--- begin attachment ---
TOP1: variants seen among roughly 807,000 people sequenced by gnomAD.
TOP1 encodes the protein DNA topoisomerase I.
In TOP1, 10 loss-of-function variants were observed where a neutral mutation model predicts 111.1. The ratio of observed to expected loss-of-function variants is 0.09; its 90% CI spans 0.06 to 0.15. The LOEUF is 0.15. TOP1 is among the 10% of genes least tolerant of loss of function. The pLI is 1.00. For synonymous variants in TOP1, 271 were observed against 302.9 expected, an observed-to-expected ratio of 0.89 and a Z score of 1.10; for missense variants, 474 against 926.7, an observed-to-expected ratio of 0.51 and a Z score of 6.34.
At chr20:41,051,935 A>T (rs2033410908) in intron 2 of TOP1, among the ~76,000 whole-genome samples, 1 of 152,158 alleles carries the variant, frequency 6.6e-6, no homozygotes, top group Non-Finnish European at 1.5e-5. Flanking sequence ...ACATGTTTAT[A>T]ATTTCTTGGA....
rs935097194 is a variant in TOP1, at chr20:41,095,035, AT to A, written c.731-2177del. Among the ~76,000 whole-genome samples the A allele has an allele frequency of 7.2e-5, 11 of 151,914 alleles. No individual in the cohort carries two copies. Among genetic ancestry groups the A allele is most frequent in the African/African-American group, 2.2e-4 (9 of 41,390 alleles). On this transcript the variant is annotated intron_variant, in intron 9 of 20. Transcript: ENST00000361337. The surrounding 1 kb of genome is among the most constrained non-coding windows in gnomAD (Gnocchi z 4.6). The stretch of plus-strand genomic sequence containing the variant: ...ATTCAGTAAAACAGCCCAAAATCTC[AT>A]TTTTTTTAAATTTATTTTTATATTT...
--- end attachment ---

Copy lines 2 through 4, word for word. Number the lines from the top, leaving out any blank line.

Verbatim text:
TOP1 encodes the protein DNA topoisomerase I.
In TOP1, 10 loss-of-function variants were observed where a neutral mutation model predicts 111.1. The ratio of observed to expected loss-of-function variants is 0.09; its 90% CI spans 0.06 to 0.15. The LOEUF is 0.15. TOP1 is among the 10% of genes least tolerant of loss of function. The pLI is 1.00. For synonymous variants in TOP1, 271 were observed against 302.9 expected, an observed-to-expected ratio of 0.89 and a Z score of 1.10; for missense variants, 474 against 926.7, an observed-to-expected ratio of 0.51 and a Z score of 6.34.
At chr20:41,051,935 A>T (rs2033410908) in intron 2 of TOP1, among the ~76,000 whole-genome samples, 1 of 152,158 alleles carries the variant, frequency 6.6e-6, no homozygotes, top group Non-Finnish European at 1.5e-5. Flanking sequence ...ACATGTTTAT[A>T]ATTTCTTGGA....